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Legal Update Article

Chicago Issues COVID-19 Vaccine Requirements for Restaurants, Bars, Gyms, Entertainment Venues

The City of Chicago has issued a public health order requiring restaurants, bars, gyms, fitness centers, and entertainment/recreation venues where food or beverages are served to require proof of vaccination from all patrons. A “patron” is defined as “any individual 5 years of age or older who patronizes, enters, attends an event, or purchases goods or services within a covered location.”

The Order also requires covered entities to comply with the provisions of the Occupational Safety and Health Administration’s Emergency Temporary Standard (OSHA ETS) requiring vaccination or weekly testing of employees, regardless of the number of individuals employed by a covered entity.

The Order will take effect on January 3, 2022.

Section 2 of the Order provides that, notwithstanding any other provision of law:

[A] covered entity shall not permit any patron to enter the indoor portion of a covered location without displaying proof of full vaccination. Additionally, any individual over the age of 16 shall provide identification bearing the same identifying information as the proof of full vaccination. A covered entity may in the interests of efficiency allow patrons to provide the requisite proof prior to entry, either directly to the covered entity or through an intermediary such as an event planner.

The Order provides that an official vaccination record card, or a digital or physical photo of an official vaccination record card, constitutes sufficient proof of vaccination. It also states that “fully vaccinated” status is “determined by Centers for Disease Control and Prevention guidance or Chicago Department of Public Health posted guidelines, whichever is the most restrictive.” Accordingly, while vaccine booster shots are not currently required for individuals to be considered fully vaccinated for purposes of the Order, this will be subject to change based on updates to current CDC or Chicago Department of Public Health guidance.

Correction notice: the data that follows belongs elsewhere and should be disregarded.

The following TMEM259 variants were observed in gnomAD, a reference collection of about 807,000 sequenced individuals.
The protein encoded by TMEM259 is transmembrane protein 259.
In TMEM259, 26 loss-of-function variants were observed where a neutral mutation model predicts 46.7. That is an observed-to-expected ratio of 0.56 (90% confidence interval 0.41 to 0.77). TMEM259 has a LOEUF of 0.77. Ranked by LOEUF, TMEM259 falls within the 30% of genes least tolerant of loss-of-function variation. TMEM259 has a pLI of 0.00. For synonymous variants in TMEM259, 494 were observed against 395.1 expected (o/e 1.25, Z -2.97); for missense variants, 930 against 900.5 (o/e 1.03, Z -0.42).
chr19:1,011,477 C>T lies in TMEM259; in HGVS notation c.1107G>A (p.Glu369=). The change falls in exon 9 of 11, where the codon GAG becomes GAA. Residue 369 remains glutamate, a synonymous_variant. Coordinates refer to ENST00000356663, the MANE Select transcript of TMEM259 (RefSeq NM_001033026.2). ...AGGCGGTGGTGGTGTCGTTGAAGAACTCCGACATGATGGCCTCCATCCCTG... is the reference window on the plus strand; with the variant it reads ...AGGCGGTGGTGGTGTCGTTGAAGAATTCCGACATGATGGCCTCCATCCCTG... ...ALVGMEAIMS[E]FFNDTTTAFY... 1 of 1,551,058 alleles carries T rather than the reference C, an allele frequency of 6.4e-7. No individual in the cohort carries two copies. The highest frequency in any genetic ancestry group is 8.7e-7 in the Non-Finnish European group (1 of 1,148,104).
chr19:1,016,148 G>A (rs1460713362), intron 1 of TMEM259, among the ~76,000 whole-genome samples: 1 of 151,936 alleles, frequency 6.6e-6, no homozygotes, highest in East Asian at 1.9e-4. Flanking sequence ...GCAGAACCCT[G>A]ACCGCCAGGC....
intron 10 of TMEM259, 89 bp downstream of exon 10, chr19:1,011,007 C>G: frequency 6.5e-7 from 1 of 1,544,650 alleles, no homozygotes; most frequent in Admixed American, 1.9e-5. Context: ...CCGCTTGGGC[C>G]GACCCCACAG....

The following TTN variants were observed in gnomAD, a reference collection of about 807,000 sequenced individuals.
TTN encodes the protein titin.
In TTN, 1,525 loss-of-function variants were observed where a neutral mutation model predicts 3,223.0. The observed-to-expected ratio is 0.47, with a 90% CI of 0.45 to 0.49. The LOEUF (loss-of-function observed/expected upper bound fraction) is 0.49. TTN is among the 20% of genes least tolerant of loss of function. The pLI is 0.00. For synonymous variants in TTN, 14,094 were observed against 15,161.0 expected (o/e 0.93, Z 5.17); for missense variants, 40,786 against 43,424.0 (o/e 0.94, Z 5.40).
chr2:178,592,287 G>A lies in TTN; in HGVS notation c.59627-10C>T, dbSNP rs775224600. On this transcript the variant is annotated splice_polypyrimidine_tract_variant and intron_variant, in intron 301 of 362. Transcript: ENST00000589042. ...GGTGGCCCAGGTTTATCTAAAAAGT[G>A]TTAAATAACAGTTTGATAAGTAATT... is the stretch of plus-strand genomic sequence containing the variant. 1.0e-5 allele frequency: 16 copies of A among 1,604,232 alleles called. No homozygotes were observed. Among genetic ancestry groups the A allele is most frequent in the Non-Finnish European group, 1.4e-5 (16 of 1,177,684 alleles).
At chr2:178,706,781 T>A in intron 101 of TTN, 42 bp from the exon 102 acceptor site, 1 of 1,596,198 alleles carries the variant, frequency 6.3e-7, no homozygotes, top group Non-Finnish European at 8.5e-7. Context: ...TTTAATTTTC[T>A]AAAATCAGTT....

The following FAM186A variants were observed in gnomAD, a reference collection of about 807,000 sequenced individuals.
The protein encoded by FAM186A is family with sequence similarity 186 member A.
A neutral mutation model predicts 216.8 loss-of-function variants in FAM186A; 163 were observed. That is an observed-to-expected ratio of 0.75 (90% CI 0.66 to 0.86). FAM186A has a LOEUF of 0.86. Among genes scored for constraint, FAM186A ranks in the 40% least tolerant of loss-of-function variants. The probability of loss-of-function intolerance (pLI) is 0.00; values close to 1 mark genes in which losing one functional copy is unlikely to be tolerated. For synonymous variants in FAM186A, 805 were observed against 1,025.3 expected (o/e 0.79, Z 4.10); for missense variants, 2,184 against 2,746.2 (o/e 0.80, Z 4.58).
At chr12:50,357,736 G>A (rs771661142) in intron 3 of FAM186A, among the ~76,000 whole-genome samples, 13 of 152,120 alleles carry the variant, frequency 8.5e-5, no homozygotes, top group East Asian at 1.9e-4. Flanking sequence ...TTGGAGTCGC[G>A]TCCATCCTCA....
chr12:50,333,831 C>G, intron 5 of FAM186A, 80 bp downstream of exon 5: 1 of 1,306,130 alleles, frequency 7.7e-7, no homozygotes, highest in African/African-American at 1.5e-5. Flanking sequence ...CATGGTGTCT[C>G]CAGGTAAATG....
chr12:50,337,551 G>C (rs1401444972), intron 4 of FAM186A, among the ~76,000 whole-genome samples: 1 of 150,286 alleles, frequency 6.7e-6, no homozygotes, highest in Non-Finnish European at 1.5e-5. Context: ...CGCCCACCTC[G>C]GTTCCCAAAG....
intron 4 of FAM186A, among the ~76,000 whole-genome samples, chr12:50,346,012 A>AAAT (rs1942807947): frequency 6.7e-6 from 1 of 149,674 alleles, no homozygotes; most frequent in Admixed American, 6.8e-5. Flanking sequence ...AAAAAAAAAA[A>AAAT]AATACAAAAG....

Covered Entities and Locations

The Order defines “Covered Entities” as any entity that operates a “Covered Location” in the City of Chicago. “Covered Locations” are defined as follows:

  1. Establishments where food or beverages are served, including but not limited to restaurants, bars, fast food establishments, coffee shops, tasting rooms, cafeterias, food courts, dining areas of grocery stores, breweries, wineries, distilleries, banquet halls, and hotel ballrooms.
  1. Gyms and fitness venues, including but not limited to gyms, recreation facilities, fitness centers, yoga, Pilates, cycling, barre, and dance studios, hotel gyms, boxing and kickboxing gyms, fitness boot camps, and other facilities used for conducting indoor group fitness classes.
  1. Entertainment and recreation venues in areas where food or beverages are served, including but not limited to movie theaters, music and concert venues, live performance venues, adult entertainment venues, commercial event and party venues, sports arenas, performing arts theaters, bowling alleys, arcades, card rooms, family entertainment centers, play areas, pool and billiard halls, and other recreational game centers.